There’s nothing quite like bringing home a new game. After months of watching trailers, attempting to avoid spoilers posted online by little rat bastards, pre-ordering to ensure that you get all the added goodness the game has to offer, following it’s developers through social networks so that if they as much as fart, you’ll hear about it; and finally waking up ridiculously early to be at the doors of your local games store as soon as they open, getting your anxious hands on the title that’s going to change your life. Once you get it home, sit through what feels like an abnormally long installation period, and a handful of now mandatory day-one patches, you load that motherfucker up, hit start, and do what you do best- Die!
It's nothing to be ashamed of. You’re not yet familiar with the controls or mechanics, and you don’t know your way around the maps, so you’re going to have to spend some time falling for tricks that will later be deemed “n00bish” by morons who use such words. Of course, if a spot of competitive multiplayer is your cup of pixelated tea, then somebody’s gotta die for the others to succeed, right? Every winner earns his place by standing on the bloodied corpses of those he defeated. Therefore, you’re fucking cannon fodder! It’s simply the way of things. To improve you’ve got to bite the bullet, or kick the bucket, or bite that bullet with the bucket on your head and have a neighbour kick it for you. In the fighting game community there’s a saying- 'losing is learning'. In other words, the only way you’re going to stop someone from kicking the bollocks out of you is by knowing exactly how they kicked the bollocks out of you. Only then can you really learn how to fight back. In the meantime though, it’s back to the bullet filled bucket scenario with you.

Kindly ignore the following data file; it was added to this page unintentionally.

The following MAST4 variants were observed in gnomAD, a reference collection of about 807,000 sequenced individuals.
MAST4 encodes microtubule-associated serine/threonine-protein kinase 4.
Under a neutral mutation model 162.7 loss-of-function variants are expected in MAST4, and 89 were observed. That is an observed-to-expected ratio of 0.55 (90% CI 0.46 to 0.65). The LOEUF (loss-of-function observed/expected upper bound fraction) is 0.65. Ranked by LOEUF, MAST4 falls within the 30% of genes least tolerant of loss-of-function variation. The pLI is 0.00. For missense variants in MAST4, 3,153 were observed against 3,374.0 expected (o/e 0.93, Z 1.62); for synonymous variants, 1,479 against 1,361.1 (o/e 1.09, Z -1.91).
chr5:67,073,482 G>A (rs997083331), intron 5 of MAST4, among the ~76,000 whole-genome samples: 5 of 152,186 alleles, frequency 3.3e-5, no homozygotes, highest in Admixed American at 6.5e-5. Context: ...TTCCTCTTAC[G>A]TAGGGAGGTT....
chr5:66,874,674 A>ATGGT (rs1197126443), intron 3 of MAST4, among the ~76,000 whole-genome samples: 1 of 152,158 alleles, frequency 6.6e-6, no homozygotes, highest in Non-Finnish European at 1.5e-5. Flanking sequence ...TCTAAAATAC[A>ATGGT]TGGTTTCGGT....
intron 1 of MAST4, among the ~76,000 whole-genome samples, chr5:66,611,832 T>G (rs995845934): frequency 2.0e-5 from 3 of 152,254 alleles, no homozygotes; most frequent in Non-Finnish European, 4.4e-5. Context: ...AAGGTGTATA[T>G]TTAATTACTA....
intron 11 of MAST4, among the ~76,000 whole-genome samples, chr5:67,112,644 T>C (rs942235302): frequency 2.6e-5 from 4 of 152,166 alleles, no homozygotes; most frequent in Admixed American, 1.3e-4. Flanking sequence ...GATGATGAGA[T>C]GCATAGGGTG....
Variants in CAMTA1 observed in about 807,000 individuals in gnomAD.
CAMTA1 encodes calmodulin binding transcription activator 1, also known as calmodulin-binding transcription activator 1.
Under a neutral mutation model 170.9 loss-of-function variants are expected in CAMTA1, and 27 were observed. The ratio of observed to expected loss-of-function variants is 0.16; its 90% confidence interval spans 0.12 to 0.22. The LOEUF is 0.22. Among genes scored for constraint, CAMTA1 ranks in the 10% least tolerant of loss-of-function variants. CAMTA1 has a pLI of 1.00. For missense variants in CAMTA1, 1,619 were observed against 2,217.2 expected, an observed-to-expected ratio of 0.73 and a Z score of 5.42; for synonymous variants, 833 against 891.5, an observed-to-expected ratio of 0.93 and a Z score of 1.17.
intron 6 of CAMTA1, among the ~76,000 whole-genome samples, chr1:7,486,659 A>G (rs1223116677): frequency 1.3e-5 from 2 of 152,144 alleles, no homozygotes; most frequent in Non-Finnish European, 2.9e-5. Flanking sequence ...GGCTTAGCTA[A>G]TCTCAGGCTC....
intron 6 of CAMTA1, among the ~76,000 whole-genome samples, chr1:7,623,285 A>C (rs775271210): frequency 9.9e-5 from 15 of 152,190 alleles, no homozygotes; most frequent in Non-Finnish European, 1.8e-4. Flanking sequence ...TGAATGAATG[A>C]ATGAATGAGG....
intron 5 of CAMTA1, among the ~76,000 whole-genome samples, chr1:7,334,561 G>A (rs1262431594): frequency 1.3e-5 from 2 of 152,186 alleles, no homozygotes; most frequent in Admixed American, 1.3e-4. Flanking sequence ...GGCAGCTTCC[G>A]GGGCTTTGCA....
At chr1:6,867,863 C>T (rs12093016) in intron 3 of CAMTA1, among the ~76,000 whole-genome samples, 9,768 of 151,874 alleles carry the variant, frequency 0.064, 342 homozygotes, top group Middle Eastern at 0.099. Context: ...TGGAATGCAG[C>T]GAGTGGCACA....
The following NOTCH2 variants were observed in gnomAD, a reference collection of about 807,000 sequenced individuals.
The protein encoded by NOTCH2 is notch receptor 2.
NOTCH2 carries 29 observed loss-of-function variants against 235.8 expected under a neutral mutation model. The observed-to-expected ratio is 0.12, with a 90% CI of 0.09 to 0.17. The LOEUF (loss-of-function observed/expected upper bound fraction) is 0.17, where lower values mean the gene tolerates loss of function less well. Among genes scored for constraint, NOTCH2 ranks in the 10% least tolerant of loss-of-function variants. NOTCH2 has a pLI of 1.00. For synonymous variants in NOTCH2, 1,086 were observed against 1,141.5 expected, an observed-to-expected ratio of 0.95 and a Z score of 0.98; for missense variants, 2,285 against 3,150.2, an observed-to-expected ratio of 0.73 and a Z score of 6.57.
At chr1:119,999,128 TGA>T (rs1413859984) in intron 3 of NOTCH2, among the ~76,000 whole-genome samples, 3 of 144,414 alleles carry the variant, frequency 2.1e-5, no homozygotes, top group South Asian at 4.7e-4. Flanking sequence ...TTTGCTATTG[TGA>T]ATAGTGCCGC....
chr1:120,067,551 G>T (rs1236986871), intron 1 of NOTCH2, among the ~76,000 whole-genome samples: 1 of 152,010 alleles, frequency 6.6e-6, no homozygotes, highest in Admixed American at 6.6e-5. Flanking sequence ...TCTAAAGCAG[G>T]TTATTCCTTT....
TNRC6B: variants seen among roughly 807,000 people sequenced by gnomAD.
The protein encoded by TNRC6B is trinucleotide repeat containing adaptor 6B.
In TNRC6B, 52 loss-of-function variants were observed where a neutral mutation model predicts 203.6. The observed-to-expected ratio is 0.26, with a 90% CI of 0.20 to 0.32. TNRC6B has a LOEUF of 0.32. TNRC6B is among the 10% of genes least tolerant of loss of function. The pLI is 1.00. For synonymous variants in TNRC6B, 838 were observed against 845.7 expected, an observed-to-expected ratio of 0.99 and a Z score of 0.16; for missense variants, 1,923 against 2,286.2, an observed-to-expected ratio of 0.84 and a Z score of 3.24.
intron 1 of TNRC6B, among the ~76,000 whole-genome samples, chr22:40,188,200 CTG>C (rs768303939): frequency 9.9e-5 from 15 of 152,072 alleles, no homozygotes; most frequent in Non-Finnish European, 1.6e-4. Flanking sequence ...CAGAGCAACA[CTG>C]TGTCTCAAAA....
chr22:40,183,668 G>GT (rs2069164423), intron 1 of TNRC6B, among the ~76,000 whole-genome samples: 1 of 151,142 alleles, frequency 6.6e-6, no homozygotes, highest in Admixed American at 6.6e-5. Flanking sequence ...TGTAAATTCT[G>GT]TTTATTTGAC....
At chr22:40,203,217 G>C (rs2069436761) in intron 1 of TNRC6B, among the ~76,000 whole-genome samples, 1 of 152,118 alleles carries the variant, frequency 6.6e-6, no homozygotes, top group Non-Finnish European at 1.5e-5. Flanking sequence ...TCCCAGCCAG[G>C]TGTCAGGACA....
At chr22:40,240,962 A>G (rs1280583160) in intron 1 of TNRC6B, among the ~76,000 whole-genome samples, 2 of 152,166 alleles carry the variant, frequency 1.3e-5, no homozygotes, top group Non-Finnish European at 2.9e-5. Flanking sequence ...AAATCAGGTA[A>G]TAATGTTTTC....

Somewhere in the middle of all this death filled madness, there might actually be some logic. A reason why a player who clocks up 4 kills in exchange for his 23 deaths in Call of Duty still wants to hit that respawn button and charge headlong into gunfire once again. Sigmund Freud referred to this mentality as one’s Death Drive. It seems to a bizarre, almost suicidal instinct that could lead to self destruction. A strange urge to do harm to oneself. The complete opposite of what we humans like to think of as humane. We love the idea of being pro-human. Living life to the sugar free max, and all that. But deep inside, there’s a dark little corner that we usually keep hidden far away from prying eyes. A place that may bear the thin scent of self hatred. It’s a place where limits mock you; teasing about how they have you under their control. Pushing at you, and wanting you to push back harder… until they break. What happens then though? Once you’ve forced your way through these limits? Nothing good! The Death Drive (often referred to as Thanatos; after the Greek mythical personification of death) seems to be that push. Going a little too far, and wanting death to take you away as punishment. Pain for pleasure seems to be the name of the game. It’s your anti-you, yet your regular you (usually simply known as “you”) gets something of a kick out of it. The risk brings a burst of adrenaline, even though the consequences could be severe. In fact, sometimes the higher the consequence, the bigger the rush. Skipping class, smoking, junk food, crossing the road when traffic is hurtling towards you, cycling at speed downhill. These are all small examples of the Death Drive that you might indulge in during your day to day routine. Not quite as dramatic as hauling your ass out in front of a bus, but these are still things that you chose to do even though you know no good could come of it.